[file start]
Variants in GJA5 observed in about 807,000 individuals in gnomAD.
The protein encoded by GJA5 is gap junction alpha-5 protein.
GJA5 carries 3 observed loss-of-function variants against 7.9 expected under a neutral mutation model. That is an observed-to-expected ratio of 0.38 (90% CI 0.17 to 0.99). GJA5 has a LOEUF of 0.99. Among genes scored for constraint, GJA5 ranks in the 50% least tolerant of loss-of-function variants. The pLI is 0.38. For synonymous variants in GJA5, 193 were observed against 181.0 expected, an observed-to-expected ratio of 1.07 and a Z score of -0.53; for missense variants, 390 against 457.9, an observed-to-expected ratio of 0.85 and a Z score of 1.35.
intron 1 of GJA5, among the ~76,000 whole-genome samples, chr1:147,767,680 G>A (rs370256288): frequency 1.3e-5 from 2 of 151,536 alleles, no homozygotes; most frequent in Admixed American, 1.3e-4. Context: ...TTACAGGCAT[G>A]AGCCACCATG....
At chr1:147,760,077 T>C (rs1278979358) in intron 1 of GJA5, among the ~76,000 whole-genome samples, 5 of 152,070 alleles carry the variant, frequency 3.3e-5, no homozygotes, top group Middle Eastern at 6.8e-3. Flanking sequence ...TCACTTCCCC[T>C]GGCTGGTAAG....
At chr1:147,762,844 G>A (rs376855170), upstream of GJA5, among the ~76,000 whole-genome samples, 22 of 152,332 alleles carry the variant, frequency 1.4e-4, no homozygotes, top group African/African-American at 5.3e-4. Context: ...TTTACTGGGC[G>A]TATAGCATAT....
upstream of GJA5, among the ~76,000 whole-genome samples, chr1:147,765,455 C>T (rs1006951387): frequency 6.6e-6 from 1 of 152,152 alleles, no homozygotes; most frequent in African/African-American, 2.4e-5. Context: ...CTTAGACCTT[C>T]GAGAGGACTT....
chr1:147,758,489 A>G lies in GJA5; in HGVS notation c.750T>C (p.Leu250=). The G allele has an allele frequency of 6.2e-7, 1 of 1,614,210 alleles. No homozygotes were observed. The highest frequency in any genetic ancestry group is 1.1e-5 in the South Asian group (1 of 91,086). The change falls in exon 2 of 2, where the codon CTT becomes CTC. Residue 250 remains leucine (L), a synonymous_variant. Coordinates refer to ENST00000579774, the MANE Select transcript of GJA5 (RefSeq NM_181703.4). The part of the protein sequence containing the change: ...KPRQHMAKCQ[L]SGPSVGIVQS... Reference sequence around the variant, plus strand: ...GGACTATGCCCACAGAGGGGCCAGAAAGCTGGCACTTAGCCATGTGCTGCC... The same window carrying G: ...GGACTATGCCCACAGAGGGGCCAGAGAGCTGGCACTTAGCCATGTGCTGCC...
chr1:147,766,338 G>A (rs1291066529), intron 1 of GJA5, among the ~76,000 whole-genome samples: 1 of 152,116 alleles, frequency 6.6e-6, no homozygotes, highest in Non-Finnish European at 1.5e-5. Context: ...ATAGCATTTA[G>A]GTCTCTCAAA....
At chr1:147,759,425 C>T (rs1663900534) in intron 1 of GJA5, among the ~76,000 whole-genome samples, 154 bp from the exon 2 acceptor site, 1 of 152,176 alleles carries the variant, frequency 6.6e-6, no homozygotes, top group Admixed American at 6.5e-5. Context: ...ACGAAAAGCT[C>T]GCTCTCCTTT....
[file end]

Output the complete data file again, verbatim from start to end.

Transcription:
Variants in GJA5 observed in about 807,000 individuals in gnomAD.
The protein encoded by GJA5 is gap junction alpha-5 protein.
GJA5 carries 3 observed loss-of-function variants against 7.9 expected under a neutral mutation model. That is an observed-to-expected ratio of 0.38 (90% CI 0.17 to 0.99). GJA5 has a LOEUF of 0.99. Among genes scored for constraint, GJA5 ranks in the 50% least tolerant of loss-of-function variants. The pLI is 0.38. For synonymous variants in GJA5, 193 were observed against 181.0 expected, an observed-to-expected ratio of 1.07 and a Z score of -0.53; for missense variants, 390 against 457.9, an observed-to-expected ratio of 0.85 and a Z score of 1.35.
intron 1 of GJA5, among the ~76,000 whole-genome samples, chr1:147,767,680 G>A (rs370256288): frequency 1.3e-5 from 2 of 151,536 alleles, no homozygotes; most frequent in Admixed American, 1.3e-4. Context: ...TTACAGGCAT[G>A]AGCCACCATG....
At chr1:147,760,077 T>C (rs1278979358) in intron 1 of GJA5, among the ~76,000 whole-genome samples, 5 of 152,070 alleles carry the variant, frequency 3.3e-5, no homozygotes, top group Middle Eastern at 6.8e-3. Flanking sequence ...TCACTTCCCC[T>C]GGCTGGTAAG....
At chr1:147,762,844 G>A (rs376855170), upstream of GJA5, among the ~76,000 whole-genome samples, 22 of 152,332 alleles carry the variant, frequency 1.4e-4, no homozygotes, top group African/African-American at 5.3e-4. Context: ...TTTACTGGGC[G>A]TATAGCATAT....
upstream of GJA5, among the ~76,000 whole-genome samples, chr1:147,765,455 C>T (rs1006951387): frequency 6.6e-6 from 1 of 152,152 alleles, no homozygotes; most frequent in African/African-American, 2.4e-5. Context: ...CTTAGACCTT[C>T]GAGAGGACTT....
chr1:147,758,489 A>G lies in GJA5; in HGVS notation c.750T>C (p.Leu250=). The G allele has an allele frequency of 6.2e-7, 1 of 1,614,210 alleles. No homozygotes were observed. The highest frequency in any genetic ancestry group is 1.1e-5 in the South Asian group (1 of 91,086). The change falls in exon 2 of 2, where the codon CTT becomes CTC. Residue 250 remains leucine (L), a synonymous_variant. Coordinates refer to ENST00000579774, the MANE Select transcript of GJA5 (RefSeq NM_181703.4). The part of the protein sequence containing the change: ...KPRQHMAKCQ[L]SGPSVGIVQS... Reference sequence around the variant, plus strand: ...GGACTATGCCCACAGAGGGGCCAGAAAGCTGGCACTTAGCCATGTGCTGCC... The same window carrying G: ...GGACTATGCCCACAGAGGGGCCAGAGAGCTGGCACTTAGCCATGTGCTGCC...
chr1:147,766,338 G>A (rs1291066529), intron 1 of GJA5, among the ~76,000 whole-genome samples: 1 of 152,116 alleles, frequency 6.6e-6, no homozygotes, highest in Non-Finnish European at 1.5e-5. Context: ...ATAGCATTTA[G>A]GTCTCTCAAA....
At chr1:147,759,425 C>T (rs1663900534) in intron 1 of GJA5, among the ~76,000 whole-genome samples, 154 bp from the exon 2 acceptor site, 1 of 152,176 alleles carries the variant, frequency 6.6e-6, no homozygotes, top group Admixed American at 6.5e-5. Context: ...ACGAAAAGCT[C>T]GCTCTCCTTT....